Welcome to my weekly ‘Layman’s Lectionary’ series where I stumble my way through the liturgical year and share my layman’s opinions, doubts, fears, and hopes about modern culture and daily life as it corresponds to scripture.
First Sunday after Christmas Day
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The Christmas holiday can bring the inverse intended emotions of despair, sadness, bitterness, and overall blueness. It’s real and it’s to be honored, noticed, claimed, and (now)… Released.
A new dawn is here. God has entered flesh and his growth into humanity is progressing.
[BTW, it’s been interesting to learn that Jesus wasn’t necessarily a God-granted genius who operated as an enlightened individual from birth, but rather, he consoled a group of spiritual mentors and teachers in his adolescence. His parents could barely pry him away from them. Jesus was a learned man.]
As we slowly enter into lighter days, now’s a good time to look within your experience to see what might be bursting open in your world. The readings for this week inspire us to keep our heads high and welcome God as it breaks into our lowly experience.
In the Psalms reading, we see big, triumphant words like praise, sing, hallelujah, exalted, glory, and the use of a lot of exclamation marks!!
Please don’t fake your happiness. Please don’t spiritually bypass your baggage. Please don’t shun your shadow. Embrace it. Shine the light of your awareness on it. But don’t cling to it. Leave space at the other end of that dark tunnel for the grandeur of God to shine through.
A key attribute of God is ‘moreness’ — just what we need when we reach the end of ourselves.
What I really want to focus this week’s Lectionary series on is the reading from Colossians. If we, as Christians, could turn away from the divisions and specialness we’ve somehow contrived and simply focus on these 156 words (from The Message version, anyway), it would have resounding effects on how we live out our faith. I’m not a big Bible-quoter, but I had to quote this whole reading for you today as it’s one of my favorite entries in the Bible (so far)…
So, chosen by God for this new life of love, dress in the wardrobe God picked out for you: compassion, kindness, humility, quiet strength, discipline. Be even-tempered, content with second place, quick to forgive an offense. Forgive as quickly and completely as the Master forgave you. And regardless of what else you put on, wear love. It’s your basic, all-purpose garment. Never be without it.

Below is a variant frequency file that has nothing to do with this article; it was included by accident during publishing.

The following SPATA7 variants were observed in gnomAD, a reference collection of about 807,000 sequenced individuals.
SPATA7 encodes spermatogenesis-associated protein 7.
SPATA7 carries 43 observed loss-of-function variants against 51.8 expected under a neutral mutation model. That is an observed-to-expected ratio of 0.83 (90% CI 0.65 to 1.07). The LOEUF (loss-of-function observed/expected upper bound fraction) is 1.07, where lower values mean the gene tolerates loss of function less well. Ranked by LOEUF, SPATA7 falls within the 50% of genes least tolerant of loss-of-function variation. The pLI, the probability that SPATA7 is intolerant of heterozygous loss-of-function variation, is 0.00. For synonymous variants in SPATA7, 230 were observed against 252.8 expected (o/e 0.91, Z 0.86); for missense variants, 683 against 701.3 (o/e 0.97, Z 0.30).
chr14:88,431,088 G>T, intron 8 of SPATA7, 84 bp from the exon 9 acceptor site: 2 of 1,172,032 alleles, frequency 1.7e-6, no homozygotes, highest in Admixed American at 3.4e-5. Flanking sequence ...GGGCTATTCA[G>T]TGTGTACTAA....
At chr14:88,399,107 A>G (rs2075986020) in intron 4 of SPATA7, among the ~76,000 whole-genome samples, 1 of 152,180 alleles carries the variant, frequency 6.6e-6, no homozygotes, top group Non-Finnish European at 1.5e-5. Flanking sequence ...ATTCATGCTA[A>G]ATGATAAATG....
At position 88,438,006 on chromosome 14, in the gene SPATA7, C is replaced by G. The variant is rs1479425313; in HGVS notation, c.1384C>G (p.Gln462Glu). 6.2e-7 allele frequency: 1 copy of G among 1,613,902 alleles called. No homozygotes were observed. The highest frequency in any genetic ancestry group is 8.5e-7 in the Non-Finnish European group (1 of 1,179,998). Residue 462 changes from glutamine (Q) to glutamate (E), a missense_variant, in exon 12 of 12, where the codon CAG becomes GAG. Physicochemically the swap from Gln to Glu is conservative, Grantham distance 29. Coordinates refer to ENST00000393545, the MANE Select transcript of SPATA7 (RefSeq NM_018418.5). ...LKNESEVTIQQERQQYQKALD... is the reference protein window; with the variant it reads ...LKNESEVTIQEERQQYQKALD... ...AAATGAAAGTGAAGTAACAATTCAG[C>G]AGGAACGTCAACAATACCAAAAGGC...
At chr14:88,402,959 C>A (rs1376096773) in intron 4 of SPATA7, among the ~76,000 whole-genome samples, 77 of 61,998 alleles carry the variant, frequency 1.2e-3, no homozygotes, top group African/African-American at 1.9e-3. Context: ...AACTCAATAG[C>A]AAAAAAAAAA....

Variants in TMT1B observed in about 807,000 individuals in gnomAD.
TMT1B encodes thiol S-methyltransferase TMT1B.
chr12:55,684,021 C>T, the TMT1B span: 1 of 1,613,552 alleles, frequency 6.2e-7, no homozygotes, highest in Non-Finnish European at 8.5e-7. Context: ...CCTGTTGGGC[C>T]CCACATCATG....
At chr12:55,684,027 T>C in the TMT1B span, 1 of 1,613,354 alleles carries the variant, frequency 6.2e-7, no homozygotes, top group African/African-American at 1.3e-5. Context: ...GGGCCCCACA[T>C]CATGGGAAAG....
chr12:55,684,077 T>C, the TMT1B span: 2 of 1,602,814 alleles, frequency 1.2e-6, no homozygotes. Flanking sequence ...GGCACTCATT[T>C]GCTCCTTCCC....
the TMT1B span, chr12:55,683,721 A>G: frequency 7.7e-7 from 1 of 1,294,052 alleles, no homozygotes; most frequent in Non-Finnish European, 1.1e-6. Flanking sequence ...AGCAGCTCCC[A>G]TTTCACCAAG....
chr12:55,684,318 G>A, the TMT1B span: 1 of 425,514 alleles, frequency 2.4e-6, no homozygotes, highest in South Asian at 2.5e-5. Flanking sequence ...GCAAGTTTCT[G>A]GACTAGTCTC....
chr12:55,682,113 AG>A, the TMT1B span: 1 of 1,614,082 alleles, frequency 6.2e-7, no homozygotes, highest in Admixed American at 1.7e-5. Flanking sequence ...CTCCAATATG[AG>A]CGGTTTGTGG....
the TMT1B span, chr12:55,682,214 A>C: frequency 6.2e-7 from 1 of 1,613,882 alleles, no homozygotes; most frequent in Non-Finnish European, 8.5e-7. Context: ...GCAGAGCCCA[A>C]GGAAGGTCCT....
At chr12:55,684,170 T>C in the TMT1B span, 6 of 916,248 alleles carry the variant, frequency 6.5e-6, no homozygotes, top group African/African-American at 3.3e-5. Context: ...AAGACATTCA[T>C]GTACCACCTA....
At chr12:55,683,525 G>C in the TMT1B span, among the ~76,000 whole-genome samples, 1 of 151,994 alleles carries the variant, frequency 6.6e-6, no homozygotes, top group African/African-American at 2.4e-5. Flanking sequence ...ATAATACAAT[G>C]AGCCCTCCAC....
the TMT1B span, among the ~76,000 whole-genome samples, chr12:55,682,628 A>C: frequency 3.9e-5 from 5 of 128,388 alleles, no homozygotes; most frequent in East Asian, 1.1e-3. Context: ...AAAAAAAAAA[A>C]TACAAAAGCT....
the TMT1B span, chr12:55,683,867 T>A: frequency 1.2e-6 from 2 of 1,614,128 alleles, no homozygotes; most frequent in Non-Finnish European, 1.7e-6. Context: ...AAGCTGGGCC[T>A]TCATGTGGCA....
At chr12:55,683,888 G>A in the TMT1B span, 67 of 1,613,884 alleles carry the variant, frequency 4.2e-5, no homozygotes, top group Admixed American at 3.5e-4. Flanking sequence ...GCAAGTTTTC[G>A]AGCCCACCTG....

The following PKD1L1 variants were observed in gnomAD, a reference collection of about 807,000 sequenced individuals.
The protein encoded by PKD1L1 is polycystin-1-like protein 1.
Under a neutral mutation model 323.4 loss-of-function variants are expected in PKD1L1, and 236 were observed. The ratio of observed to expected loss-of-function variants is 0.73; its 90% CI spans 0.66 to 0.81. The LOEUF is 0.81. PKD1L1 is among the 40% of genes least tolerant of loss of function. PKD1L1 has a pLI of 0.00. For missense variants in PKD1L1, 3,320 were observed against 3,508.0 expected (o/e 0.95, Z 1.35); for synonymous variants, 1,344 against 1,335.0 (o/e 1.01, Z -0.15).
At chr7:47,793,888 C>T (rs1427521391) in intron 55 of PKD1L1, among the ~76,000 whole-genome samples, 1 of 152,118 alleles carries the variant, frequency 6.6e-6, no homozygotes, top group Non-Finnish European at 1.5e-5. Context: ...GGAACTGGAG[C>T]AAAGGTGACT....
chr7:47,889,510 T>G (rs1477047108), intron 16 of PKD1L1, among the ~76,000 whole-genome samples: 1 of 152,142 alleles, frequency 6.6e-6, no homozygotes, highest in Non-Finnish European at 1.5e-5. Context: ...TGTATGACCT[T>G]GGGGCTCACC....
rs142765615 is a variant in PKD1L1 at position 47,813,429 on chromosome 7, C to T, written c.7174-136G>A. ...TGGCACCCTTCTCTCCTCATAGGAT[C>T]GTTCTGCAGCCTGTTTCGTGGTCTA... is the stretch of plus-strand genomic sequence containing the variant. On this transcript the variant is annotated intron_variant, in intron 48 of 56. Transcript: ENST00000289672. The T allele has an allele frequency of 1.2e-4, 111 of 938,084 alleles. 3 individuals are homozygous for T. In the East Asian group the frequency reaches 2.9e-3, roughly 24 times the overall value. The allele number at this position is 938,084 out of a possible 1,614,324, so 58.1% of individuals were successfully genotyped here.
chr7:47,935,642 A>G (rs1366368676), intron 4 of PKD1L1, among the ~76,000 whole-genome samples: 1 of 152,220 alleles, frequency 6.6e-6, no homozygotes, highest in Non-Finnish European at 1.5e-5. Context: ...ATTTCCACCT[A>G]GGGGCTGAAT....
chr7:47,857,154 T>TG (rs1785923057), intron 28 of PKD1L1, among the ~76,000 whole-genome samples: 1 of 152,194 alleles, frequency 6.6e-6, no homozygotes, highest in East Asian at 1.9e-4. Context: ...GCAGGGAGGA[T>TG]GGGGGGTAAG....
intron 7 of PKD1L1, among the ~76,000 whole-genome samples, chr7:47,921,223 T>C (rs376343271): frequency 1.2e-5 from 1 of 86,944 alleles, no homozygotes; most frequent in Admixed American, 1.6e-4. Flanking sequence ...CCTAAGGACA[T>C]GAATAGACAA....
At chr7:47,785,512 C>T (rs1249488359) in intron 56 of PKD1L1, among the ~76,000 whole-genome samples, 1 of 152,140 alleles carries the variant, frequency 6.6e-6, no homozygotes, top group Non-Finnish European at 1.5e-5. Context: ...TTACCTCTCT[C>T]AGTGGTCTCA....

Let the peace of Christ keep you in tune with each other, in step with each other. None of this going off and doing your own thing. And cultivate thankfulness. Let the Word of Christ — the Message — have the run of the house. Give it plenty of room in your lives. Instruct and direct one another using good common sense. And sing, sing your hearts out to God! Let every detail in your lives — words, actions, whatever — be done in the name of the Master, Jesus, thanking God the Father every step of the way.
— Colossians 3:12–17
(I want to drop the mic right there, but I’ll close it up…)
Notice how there’s nothing about ‘us’ and ‘them’ here. It doesn’t divide, place blame, or assign a badge of righteousness on one over another. It’s not about being self-sufficient, more individualistically prosperous, or better-than.
The message is profound in its simpleness and humbleness.
The wardrobe God picked out for us is one of love, forgiveness, thankfulness, service to others and common sense.
This message seems unimpressive by modern Western standards. It’s not about personal success or God showering us with cash and prizes. It’s down low, not up high. It’s a message that’s rooted in the delicate nature of humanness.
This is where this God is found. On the ground of the human experience.
And so, in true non-dual fashion, this week’s readings integrate the highness of glory with the lowness of humbleness, love, and forgiveness.
With knees in the dirt at the end of ourselves, we extend our arms skyward and find a moreness that meets us where we are and extends a new world to us.
This is the garment of love.
May you never be without it.
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